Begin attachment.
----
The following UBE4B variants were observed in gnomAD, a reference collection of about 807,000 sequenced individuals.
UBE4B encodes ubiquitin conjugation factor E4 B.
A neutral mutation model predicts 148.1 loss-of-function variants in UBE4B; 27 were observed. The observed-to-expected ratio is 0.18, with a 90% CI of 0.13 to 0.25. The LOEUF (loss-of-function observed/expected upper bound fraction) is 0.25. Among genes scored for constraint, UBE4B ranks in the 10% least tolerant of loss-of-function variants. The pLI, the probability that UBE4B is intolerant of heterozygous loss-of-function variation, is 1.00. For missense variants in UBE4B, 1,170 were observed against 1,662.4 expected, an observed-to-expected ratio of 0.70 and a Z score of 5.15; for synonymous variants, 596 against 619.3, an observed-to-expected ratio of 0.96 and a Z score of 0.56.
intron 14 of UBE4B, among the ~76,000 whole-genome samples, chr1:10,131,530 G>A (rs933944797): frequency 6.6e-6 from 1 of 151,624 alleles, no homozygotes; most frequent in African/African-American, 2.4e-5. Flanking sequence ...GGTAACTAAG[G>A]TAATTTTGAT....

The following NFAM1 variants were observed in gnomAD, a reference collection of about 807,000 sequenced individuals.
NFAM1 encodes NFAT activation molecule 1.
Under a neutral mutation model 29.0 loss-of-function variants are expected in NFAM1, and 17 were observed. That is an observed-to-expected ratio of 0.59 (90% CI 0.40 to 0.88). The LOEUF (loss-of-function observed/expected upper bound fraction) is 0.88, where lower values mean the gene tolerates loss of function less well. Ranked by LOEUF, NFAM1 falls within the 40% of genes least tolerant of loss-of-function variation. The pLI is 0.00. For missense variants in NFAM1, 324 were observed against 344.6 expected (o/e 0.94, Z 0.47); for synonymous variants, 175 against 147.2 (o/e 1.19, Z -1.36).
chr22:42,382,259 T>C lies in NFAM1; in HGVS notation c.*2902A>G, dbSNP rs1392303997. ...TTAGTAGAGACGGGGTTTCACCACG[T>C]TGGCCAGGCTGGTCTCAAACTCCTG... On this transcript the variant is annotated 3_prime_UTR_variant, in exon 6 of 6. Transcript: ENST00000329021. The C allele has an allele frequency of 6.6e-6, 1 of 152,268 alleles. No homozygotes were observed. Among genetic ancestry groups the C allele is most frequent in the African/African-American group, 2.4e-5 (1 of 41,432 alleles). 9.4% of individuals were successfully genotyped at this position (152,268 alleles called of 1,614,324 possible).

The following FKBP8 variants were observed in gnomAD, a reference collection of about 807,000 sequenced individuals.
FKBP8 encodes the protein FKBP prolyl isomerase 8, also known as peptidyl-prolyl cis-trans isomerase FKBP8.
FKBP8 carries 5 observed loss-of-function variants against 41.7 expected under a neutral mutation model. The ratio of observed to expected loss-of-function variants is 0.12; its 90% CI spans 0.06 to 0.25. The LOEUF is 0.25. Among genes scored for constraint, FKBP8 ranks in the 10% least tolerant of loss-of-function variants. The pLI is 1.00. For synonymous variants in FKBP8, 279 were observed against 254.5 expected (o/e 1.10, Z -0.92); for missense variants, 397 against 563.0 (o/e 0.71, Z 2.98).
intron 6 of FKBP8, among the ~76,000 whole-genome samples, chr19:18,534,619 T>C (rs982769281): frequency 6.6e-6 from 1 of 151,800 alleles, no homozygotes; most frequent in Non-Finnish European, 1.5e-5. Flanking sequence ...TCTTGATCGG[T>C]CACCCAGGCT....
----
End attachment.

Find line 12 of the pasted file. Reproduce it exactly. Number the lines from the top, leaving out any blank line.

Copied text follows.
intron 6 of FKBP8, among the ~76,000 whole-genome samples, chr19:18,534,619 T>C (rs982769281): frequency 6.6e-6 from 1 of 151,800 alleles, no homozygotes; most frequent in Non-Finnish European, 1.5e-5. Flanking sequence ...TCTTGATCGG[T>C]CACCCAGGCT....